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Most Helpful Customer Reviews on Amazon.com (beta)

Amazon.com: 7 reviews
16 of 18 people found the following review helpful
Good introduction April 15 2003
By A Customer - Published on Amazon.com
Format: Hardcover
Here is an excellent introduction to cluster analysis. The concepts are explained in clear language, with many illustrative examples. It is possibly the best of the introductory level books. I give it 4 stars because of a few misprints, and a few places where some essential information or detail has been omitted that can lead to misunderstanding.
2 of 2 people found the following review helpful
Cluster Analysis at the Edge Dec 9 2012
By John M. Ford - Published on Amazon.com
Format: Hardcover Verified Purchase
I read this book as the text in a four-week online class on cluster analysis. I learned a great deal and do not regret purchasing this book. It has several strengths and some weaknesses as an introduction to this statistical technique.

There is a good introduction to the unsupervised learning problem of classifying objects into meaningful groups with no basis for validating these classifications. The authors' decision to focus on graphical methods early in the text is a good one and lays an intuitive foundation for their more technical presentation later in the book. The discussion of similarity measures at the core of cluster analysis is a good overview and prepares readers for more advanced discussions elsewhere.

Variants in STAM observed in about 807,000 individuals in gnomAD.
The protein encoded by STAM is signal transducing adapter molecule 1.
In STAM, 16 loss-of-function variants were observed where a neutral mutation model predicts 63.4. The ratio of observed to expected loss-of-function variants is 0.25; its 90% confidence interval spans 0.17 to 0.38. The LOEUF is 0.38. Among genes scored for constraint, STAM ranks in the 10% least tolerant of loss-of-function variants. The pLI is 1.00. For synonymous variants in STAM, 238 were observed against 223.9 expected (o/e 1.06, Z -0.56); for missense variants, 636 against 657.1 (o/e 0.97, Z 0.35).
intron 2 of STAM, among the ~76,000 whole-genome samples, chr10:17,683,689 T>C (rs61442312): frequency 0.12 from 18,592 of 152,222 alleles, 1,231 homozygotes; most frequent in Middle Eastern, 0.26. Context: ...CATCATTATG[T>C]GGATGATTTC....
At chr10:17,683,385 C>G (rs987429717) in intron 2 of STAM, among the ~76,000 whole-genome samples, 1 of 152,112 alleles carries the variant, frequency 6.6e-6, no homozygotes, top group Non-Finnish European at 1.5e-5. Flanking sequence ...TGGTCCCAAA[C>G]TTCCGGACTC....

The book closes with the highly useful and practical chapter "Some final comments and guidelines." It lists and describes nine steps in a typical cluster analysis and refers readers back to sections of the book which inform the decisions at each step. It's coverage of methods for testing cluster quality and the likelihood of no structure in a dataset is also accessible and of practical value. Readers might consider looking through this material before reading the previous chapters to help organize the information more meaningfully.

The middle chapters are worth reading, but suffer from a few problems. In general, these chapters are better at describing the boundaries of current research in clustering techniques than they are in describing typical applications. There are too many research results and not enough examples. The examples that are included are described too briefly, making it difficult to follow how the analysis was carried out. Better integration of citations in the body of the text would be a key improvement. As would inclusion of sample exercises with worked-out solutions in an appendix.